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Protecting land and water

Learn actions you can take in the way you care for your property to protect our land and water.

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The Hennepin County Landowner Guide is intended to help landowners care for their land and the natural resources on their property. The guide recommends practices that can be implemented to protect and enhance natural systems. Each section also suggests additional resources and publications that offer more specific information for each subject area.

Landowner guide contents

Download the entire guide (PDF 7MB) or download a specific section:

  • Protecting water resources (PDF)
    Information on ways to protect water resources such as determining your watershed, taking care of your shoreline, and avoiding or controlling invasive aquatic species
  • Preserving wetlands (PDF)
    Information on wetland types, the Wetland Conservation Act, identifying wetlands and way to protect wetlands on your property
  • Managing pastures and livestock (PDF)
    Information on proper pasture management, proper manure management, preventing water pollution, cleaning up dirty water and maintaining healthy soils
  • Maintaining wells (PDF)
    Ensure that you and your family have a healthy source of drinking water by maintaining your well, testing you well, treating contaminated water and managing unused wells
  • Maintaining septic systems (PDF)
    Protect groundwater by properly maintaining your septic system, getting your septic system pumped regularly, and keeping garbage out of your system
  • Managing your waste (PDF)
    Information on proper management of garbage including hiring a waste hauler, eliminating burn barrels, reducing waste, recycling, collecting organic waste and and properly disposing of household hazardous waste
  • Resources (PDF)
    A list of resources and publications with additional information for landowners on protecting and conserving natural resources

This resource was produced by Hennepin County in partnership with the University of Minnesota Extension.

The raindrops that fall on our streets flow through storm drains that empty directly into our lakes, creeks, rivers, and wetlands. Raindrops pick up chemicals, pollutants, and debris that they touch along the way. Every point in a raindrop's path is an opportunity to improve our water quality.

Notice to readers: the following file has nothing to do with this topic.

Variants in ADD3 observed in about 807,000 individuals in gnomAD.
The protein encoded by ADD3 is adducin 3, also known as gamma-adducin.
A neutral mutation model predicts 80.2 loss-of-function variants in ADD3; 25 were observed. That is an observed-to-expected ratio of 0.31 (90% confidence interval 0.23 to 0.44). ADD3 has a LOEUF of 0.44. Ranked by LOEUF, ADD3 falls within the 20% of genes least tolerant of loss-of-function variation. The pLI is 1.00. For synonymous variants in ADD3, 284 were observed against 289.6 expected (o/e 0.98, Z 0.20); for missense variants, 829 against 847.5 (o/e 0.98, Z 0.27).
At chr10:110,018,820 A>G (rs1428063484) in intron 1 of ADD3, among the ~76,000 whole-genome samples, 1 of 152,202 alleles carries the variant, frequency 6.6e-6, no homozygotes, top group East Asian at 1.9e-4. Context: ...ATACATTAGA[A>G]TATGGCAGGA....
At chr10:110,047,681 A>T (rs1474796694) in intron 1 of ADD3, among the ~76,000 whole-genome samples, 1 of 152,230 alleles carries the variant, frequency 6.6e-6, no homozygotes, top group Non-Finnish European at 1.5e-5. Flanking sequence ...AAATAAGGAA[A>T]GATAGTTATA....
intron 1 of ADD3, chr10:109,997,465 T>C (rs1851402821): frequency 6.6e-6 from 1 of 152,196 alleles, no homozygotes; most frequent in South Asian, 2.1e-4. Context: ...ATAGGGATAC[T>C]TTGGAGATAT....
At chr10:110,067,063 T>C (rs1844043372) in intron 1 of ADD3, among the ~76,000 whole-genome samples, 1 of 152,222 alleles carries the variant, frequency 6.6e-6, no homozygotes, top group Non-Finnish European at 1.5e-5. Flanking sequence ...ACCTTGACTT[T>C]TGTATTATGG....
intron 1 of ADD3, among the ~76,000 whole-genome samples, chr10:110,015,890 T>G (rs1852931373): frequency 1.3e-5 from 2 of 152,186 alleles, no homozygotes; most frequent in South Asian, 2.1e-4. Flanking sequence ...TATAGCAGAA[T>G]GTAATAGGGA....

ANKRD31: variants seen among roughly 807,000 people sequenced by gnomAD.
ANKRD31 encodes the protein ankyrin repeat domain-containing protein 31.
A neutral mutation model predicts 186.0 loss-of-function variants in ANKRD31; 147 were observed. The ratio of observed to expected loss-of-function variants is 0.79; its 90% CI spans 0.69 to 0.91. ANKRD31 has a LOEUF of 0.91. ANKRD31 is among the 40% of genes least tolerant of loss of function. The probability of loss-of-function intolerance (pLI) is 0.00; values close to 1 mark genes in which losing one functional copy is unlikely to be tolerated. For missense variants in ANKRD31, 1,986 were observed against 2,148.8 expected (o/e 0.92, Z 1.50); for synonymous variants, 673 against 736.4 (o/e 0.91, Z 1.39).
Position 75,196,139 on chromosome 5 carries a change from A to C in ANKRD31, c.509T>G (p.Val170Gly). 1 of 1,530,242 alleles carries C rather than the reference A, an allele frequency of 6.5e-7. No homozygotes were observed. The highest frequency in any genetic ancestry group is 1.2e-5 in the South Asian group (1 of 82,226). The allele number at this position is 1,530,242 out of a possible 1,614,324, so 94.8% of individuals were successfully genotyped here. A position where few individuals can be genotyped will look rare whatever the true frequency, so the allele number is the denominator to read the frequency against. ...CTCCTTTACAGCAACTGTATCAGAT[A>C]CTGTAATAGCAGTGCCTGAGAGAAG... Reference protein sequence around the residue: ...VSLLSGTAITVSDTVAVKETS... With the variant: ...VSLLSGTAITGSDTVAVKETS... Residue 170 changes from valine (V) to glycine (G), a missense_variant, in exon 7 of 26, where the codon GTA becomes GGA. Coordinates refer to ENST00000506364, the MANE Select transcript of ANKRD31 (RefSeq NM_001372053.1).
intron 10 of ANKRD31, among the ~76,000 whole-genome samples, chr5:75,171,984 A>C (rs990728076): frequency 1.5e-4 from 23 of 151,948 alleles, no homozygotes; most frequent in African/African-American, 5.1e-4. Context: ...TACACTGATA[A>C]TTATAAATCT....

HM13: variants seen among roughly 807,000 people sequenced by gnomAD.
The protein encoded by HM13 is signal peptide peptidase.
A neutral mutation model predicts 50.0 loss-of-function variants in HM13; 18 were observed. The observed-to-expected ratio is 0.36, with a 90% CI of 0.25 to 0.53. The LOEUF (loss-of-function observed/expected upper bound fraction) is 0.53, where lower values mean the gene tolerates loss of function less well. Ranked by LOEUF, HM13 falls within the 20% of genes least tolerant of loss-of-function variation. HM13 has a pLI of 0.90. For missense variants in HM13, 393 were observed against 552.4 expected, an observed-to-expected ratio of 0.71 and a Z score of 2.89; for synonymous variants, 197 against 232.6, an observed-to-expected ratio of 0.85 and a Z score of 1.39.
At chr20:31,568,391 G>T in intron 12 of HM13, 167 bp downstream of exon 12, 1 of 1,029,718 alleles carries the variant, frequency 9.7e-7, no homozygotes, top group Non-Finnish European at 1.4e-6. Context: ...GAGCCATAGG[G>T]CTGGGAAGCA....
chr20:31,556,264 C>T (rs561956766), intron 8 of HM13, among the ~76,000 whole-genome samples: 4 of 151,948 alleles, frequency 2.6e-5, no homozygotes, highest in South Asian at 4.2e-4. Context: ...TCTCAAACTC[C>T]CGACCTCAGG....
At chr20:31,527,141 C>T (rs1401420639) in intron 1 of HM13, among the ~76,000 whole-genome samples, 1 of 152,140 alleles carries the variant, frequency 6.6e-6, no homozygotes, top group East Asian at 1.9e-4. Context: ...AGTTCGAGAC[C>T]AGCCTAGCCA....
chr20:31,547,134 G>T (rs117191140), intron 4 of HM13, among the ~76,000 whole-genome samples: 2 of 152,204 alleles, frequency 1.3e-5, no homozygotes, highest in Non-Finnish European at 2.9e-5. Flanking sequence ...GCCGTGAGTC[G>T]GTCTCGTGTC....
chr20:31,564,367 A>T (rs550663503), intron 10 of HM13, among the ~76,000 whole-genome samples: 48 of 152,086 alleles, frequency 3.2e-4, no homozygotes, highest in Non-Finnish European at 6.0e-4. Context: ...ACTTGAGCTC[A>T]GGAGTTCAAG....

The actions listed below can help our waters immensely. Take on a few of these actions at your home and share them with others.

Also see the Ten Things You Can Do to Improve Minnesota's Lakes, Rivers and Streams brochure (PDF).

1. Salt sparingly

Shovel first, minimize salt use, sweep up excess. Just one teaspoon of salt permanently contaminates five gallons of fresh water. Shovel snow first, apply salt only to ice patches, use as little salt as possible, and sweep up leftover salt when ice is gone. Remember: More isn't better, and sodium chloride, the most common deicer, stops working below 15F degrees.

2. Keep streets clear of leaves and grass clippings

Sweep, rake, or mulch or compost. Stormwater runoff carries leaves and grass clippings from streets into lakes and streams, where their nutrients cause destructive algae blooms. Use these nutrients to your benefit. Use them as mulch for weed suppression, or make them into compost to use as fertilizer. This protects water quality--and saves money!

3. Kick the chemicals

Lawn and garden chemicals can harm pollinators and wash into the street's storm drains that connect directly into nearby lakes and streams. Encourage the growth of healthy lawns and gardens. Pull weeds by hand or use spot treatment for weeds. If you have a weed or pest problem, consult the University of Minnesota Extension website for advice. Get a soil test before applying fertilizers. If you apply fertilizer, sweep up excess from pavement. Remember, a need for chemical treatments is an option of last resort.